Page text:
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3.46. How do I validate claimed e-mail addresses?

Q: How can I configure Mailman to validate e-mail addresses that are claimed in messages sent to my list?

Any user with minimal knowledge of his MUA can configure it to claim any address they want – how can I ensure that they can't claim an address they don't actually own, which would allow them to get spam through to my list?

A: Mailman does not attempt to perform any validation of the claimed address. It will check the headers in a given order (which you can control through mm_cfg.py) to see if the claimed address is a known list member or on the white or black lists, but it doesn't attempt to do anything beyond that.

If you need strong validation, the only current solution I know of is to use a package called "mmreencrypt" and require that all your posters encrypt their messages with PGP to a public key that is registered to the mailing list. When an authenticated message is received by the system, it will re-encrypt that message to each of the registered recipients and send it out. Of course, this would require that everyone have their public key registered on the Mailman server. See http://sourceforge.net/projects/mmreencrypt/ for more information on "mmreencrypt".

The only other solution to this problem (that I know of) would be to force all messages to always be moderated, and the list moderator would then be required to take manual action to release each message to the list. See How do I spoof-proof my one-way (announcements or newsletter) list? for more on this approach.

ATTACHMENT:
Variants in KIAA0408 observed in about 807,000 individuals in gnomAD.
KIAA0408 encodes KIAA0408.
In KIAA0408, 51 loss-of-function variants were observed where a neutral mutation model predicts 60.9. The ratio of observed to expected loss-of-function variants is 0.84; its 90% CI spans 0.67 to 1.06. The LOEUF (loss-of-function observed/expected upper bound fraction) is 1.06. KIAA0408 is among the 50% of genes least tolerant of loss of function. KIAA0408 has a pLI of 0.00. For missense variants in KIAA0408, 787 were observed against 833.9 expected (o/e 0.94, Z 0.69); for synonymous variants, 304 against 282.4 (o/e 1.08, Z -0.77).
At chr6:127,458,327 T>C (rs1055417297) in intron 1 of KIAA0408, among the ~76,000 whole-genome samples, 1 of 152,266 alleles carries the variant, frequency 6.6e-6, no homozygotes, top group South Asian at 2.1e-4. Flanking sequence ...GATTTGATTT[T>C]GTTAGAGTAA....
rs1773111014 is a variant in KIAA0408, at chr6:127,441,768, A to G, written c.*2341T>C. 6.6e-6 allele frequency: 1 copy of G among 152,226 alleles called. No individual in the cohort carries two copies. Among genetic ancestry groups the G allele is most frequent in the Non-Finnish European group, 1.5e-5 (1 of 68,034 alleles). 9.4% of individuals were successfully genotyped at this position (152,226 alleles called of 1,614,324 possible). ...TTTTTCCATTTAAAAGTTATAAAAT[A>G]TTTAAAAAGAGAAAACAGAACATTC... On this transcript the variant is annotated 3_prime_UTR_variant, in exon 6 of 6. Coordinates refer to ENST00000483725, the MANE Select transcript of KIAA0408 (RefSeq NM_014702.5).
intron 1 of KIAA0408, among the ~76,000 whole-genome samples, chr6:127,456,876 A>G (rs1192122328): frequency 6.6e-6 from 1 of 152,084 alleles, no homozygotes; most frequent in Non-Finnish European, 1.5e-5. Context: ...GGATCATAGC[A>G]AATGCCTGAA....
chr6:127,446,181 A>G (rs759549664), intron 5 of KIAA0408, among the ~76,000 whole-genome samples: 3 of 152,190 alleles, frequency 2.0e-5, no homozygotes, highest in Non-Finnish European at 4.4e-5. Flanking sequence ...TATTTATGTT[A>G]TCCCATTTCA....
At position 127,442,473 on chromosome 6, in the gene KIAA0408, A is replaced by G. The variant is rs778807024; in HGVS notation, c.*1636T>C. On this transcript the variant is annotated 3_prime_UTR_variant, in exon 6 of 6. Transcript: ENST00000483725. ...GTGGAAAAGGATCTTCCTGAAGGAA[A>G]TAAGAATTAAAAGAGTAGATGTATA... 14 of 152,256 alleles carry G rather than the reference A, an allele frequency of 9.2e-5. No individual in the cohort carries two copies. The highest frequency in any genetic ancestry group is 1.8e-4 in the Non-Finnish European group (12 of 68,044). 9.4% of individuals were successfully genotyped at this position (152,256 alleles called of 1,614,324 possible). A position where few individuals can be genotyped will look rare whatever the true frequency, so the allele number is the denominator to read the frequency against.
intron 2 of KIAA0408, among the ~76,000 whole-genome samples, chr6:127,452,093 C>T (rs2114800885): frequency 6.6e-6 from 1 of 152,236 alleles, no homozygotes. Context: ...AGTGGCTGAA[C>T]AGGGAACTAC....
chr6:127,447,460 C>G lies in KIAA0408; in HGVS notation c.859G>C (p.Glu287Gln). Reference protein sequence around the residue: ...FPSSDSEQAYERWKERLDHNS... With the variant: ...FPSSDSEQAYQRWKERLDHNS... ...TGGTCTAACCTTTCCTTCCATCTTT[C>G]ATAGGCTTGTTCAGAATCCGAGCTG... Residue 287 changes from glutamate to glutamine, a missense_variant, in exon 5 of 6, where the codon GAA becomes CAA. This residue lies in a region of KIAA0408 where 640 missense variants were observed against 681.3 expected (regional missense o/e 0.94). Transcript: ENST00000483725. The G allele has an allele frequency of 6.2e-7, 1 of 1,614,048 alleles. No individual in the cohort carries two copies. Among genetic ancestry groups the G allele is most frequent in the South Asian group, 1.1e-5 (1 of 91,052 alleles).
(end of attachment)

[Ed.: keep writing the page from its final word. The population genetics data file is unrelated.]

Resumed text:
This entry originally from the threads at http://mail.python.org/pipermail/mailman-users/2004-October/040468.html and http://mail.python.org/pipermail/mailman-users/2004-November/040655.html.

Now, for a few words on potential methods that are not currently found in the Mailman code, nor covered by known patches to Mailman.

A password scheme could potentially be implemented, but it would always be a weak authentication method. Users would put the password in their headers or as the first line in the body of their message, but these could easily be exposed by the user accidentally posting a message with the password to another list. For this reason, while other mailing list management systems might use this technique, it is not likely that this method will be adopted by Mailman.

Short of doing something like "mmreencrypt", the only other practical automatic validation method would be one based on everyone signing their messages with a public-key cryptographic scheme (such as PGP). The message itself would not be encrypted, but the signature would be. Users would not have to be concerned about passwords being exposed, nor would the mailing list management system have to decrypt all incoming messages and then re-encrypt them for each recipient (as required by "mmreencrypt"). If any additional validation/authentication method is adopted by Mailman in the near future, it is likely to be based on this type of solution.

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